Even before I started my rheumatology fellowship, I knew it would be a demanding career, diagnosing complex diseases with only a few management options in seriously ill patients. What I didn’t appreciate as much before is how badly we are needed across the country.
You Might Also Like
Explore This IssueMay 2020
According to the 2018 outcomes report from the National Resident Matching Program, rheumatology is becoming one of the most competitive subspecialties, with 1.4 applicants per position, joining the ranks of cardiology, hematology and oncology.1 However, it would be amiss to ignore more ominous projections—a serious mismatch between supply and demand. According to the 2015 ACR/ARHP Workforce Study of Rheumatology Specialists, a 31% decline in clinical supply, from 4,997 to 3,455 rheumatologists, is predicted against the backdrop of a 138% increase in demand from 6,155 to 8,184, equating to an excess demand for 4,729 adult rheumatologists.2
Besides a quantitative gap, a persistent geographic gap persists, with the ACR Committee on Rheumatology Training & Workforce Issues reporting clustering of rheumatologists in largely metropolitan areas and in the Northeast.3 All of this is occurring in the midst of trying to fulfill demands for more frequent follow-ups to achieve treat-to-target goals.
Strategies proposed to combat these gaps have focused primarily on increasing the workforce, essentially training more fellows and scaling up ancillary care providers (e.g., nurse practitioners). Another side of the argument focuses on changing how care is delivered. Utilization of telemedicine as an alternative strategy has particularly garnered interest.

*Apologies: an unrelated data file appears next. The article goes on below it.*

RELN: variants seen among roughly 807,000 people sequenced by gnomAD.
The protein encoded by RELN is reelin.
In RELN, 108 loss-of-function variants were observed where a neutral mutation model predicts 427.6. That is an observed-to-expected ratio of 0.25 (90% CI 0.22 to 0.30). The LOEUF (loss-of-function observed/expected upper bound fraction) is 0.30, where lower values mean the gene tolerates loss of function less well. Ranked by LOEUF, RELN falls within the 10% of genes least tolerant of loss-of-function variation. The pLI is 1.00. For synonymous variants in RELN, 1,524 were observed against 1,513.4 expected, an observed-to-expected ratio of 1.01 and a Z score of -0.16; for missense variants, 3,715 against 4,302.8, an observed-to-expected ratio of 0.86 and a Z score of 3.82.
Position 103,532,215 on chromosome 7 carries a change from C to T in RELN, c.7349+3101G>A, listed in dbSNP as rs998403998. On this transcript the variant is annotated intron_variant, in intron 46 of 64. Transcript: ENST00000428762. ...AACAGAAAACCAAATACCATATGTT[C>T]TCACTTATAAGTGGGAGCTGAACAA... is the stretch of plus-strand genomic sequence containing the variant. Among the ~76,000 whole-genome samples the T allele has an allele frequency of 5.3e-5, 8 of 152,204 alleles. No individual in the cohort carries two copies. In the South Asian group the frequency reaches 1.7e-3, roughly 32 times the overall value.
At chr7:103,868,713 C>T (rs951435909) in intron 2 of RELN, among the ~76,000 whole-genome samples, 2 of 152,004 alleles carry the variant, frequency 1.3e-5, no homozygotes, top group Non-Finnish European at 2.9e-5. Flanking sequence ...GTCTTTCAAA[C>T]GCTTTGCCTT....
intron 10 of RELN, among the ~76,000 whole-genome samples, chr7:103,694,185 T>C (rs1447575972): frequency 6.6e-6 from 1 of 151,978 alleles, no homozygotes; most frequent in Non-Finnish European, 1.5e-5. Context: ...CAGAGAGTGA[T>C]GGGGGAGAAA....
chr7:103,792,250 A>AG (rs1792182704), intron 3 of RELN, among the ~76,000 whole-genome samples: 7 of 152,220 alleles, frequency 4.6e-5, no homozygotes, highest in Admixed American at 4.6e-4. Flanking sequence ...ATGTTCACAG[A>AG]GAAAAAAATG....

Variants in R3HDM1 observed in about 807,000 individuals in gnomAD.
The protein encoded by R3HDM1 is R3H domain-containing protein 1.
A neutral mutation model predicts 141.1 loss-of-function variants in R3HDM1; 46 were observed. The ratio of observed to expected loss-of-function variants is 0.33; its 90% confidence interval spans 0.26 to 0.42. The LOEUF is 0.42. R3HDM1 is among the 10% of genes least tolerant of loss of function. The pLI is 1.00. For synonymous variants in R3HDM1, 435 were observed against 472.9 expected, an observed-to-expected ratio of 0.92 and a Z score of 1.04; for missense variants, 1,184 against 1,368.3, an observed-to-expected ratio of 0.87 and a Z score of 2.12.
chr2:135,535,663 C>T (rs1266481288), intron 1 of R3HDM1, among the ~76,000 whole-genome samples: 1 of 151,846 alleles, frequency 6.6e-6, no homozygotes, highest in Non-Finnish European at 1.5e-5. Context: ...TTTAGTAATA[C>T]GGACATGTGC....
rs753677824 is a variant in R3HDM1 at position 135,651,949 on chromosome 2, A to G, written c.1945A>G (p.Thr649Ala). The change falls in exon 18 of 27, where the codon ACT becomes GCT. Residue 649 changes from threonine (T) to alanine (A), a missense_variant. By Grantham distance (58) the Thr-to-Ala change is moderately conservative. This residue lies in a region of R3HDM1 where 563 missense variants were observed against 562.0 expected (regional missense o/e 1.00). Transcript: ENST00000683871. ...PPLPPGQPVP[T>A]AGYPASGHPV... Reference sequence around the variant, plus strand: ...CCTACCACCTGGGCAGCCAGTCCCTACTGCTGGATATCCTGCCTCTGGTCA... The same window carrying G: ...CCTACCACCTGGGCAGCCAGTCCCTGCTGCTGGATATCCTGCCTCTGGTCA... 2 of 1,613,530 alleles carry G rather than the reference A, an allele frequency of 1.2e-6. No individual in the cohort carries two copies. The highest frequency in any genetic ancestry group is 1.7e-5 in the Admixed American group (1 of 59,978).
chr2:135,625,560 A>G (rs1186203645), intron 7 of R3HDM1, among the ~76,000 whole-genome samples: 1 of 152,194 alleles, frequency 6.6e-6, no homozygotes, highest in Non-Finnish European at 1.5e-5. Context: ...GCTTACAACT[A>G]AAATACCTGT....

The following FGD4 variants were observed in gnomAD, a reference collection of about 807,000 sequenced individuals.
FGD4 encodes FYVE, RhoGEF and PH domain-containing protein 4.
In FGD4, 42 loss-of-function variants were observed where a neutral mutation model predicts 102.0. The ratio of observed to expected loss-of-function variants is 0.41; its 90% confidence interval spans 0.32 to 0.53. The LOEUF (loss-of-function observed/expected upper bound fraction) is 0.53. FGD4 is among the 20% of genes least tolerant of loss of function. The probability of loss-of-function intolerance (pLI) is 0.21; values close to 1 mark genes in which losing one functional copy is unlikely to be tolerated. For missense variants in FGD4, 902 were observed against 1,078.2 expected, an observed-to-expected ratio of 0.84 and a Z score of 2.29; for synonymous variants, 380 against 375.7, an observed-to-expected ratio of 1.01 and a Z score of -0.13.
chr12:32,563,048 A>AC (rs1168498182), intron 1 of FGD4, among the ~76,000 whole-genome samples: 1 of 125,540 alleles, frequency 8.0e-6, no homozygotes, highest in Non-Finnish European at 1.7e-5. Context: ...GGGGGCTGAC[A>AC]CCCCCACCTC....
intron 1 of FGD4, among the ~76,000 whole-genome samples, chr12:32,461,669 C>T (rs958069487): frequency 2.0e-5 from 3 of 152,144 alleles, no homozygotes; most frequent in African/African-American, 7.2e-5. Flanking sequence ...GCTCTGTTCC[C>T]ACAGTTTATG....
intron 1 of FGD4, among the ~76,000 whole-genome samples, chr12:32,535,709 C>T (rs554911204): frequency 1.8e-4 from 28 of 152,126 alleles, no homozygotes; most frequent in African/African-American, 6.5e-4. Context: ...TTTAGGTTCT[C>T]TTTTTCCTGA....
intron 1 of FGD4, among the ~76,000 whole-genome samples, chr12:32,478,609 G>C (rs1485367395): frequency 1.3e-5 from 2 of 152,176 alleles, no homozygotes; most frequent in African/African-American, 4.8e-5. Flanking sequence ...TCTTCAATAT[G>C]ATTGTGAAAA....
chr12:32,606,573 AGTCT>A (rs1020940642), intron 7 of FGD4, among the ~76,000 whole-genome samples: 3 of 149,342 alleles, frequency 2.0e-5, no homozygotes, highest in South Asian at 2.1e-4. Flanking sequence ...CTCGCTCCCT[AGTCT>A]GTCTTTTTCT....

Broadly defined as “medical information that is exchanged from one site to another through electronic communication to improve a patient’s health,” telemedicine exists to connect remote patients without ready access to a rheumatologist.4 Arguably, its greatest strength lies in its potential to increase access, as well as to reduce costs related to time and transportation for the patient and, potentially, increase patient satisfaction in the process.
Currently, telerheumatology is being incorporated into practice across several medical centers, including the University of Pittsburgh Medical Center, Dartmouth-Hitchcock Medical Center, headquartered in Lebanon, N.H., and the Alaska Native Tribal Health Consortium, based in Anchorage. These institutions use video conferencing technology, in which a patient is remotely presented to the rheumatologist by a trained presenter. However, this approach has not been immune to criticisms and concerns, including excessive costs to set up appropriate broadband technology (often falling on the shoulders of the providers themselves), variable reimbursement policies for Medicaid and Medicare across states and the absence of clear regulations protecting both the physician and patient from medical malpractice (see “The Doctor Will See You Now,”).
However, a limited number of published studies suggest encouraging potential.